Suitability violations occur when a stockbroker or financial advisor recommends investments that are not appropriate for the investor's risk tolerance, investment goals or financial situation. There are many factors that determine an investor's risk tolerance, including age, income and investment experience. Simply put, a teacher who is 65-years-old and about to retire will have a different risk tolerance than a 34-year-old attorney. As such, different investment vehicles will be considered suitable for the 65-year-old than the 34-year-old.
If the investment advisor recommends highly risky investments for the 65-year-old, and the account loses money, the investor could file a FINRA arbitration, alleging the investment advisor made recommendations that were unsuitable. In other words, the broker must have a reasonable belief that any securities or investments he recommends are suitable for the investor, based on the investment profile.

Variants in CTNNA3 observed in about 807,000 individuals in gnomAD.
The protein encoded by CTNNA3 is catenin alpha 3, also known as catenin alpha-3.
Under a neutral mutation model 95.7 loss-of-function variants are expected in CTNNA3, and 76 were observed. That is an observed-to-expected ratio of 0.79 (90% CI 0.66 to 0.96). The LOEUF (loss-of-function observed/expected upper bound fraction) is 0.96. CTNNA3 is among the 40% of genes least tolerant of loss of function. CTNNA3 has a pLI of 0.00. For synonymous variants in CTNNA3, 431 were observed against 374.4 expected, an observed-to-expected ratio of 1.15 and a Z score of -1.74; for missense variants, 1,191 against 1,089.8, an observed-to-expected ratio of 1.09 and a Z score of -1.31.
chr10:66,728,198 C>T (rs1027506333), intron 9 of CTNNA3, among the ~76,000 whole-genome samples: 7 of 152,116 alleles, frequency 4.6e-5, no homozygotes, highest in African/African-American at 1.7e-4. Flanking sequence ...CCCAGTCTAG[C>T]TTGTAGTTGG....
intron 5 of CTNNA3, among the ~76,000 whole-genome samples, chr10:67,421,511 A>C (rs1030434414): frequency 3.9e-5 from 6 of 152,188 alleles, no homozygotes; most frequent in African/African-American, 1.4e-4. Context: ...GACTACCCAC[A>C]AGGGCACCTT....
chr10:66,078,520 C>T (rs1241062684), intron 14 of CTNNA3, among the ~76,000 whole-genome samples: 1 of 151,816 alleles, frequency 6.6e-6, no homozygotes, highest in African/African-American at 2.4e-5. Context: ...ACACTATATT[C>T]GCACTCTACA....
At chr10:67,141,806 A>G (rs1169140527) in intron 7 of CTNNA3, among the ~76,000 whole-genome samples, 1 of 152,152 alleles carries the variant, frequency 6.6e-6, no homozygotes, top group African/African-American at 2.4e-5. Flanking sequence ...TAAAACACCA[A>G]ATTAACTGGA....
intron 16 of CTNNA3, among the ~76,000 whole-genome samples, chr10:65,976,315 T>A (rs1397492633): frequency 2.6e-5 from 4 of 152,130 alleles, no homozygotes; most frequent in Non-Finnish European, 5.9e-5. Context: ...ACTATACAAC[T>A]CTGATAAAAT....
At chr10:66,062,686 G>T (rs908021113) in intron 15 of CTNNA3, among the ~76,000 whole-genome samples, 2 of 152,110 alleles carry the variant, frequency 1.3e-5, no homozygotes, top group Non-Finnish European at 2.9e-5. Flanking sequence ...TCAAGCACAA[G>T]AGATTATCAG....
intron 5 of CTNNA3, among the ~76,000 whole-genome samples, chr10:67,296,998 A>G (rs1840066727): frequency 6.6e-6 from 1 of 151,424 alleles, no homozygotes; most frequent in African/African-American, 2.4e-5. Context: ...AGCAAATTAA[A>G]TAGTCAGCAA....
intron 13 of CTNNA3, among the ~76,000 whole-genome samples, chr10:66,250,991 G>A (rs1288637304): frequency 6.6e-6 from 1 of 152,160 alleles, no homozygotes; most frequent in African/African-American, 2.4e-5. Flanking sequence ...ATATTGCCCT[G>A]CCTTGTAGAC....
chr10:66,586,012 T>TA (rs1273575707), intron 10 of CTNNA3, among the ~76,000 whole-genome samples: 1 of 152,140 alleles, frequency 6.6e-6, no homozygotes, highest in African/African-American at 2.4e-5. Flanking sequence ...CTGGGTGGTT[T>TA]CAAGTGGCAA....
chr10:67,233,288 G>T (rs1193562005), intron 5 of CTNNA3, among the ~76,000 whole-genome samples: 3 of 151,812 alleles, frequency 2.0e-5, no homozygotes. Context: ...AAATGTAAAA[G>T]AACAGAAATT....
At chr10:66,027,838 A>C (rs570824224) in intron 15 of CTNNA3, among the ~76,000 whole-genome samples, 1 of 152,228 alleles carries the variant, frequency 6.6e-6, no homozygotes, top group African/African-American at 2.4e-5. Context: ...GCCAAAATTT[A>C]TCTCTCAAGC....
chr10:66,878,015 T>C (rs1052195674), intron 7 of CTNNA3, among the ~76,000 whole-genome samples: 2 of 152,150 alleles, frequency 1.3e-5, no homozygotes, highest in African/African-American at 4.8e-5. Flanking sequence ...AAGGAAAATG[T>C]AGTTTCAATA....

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In December 2012, however, FINRA clarified its position, saying people who were not actually customers of the broker--that is they did not either open an account with the brokerage or buy a product that the firm receives compensation for--could not file a suitability claim.
This means an investor must either be a client of the brokerage firm or have at least purchased a product the brokerage receives compensation for to file a FINRA suitability claim.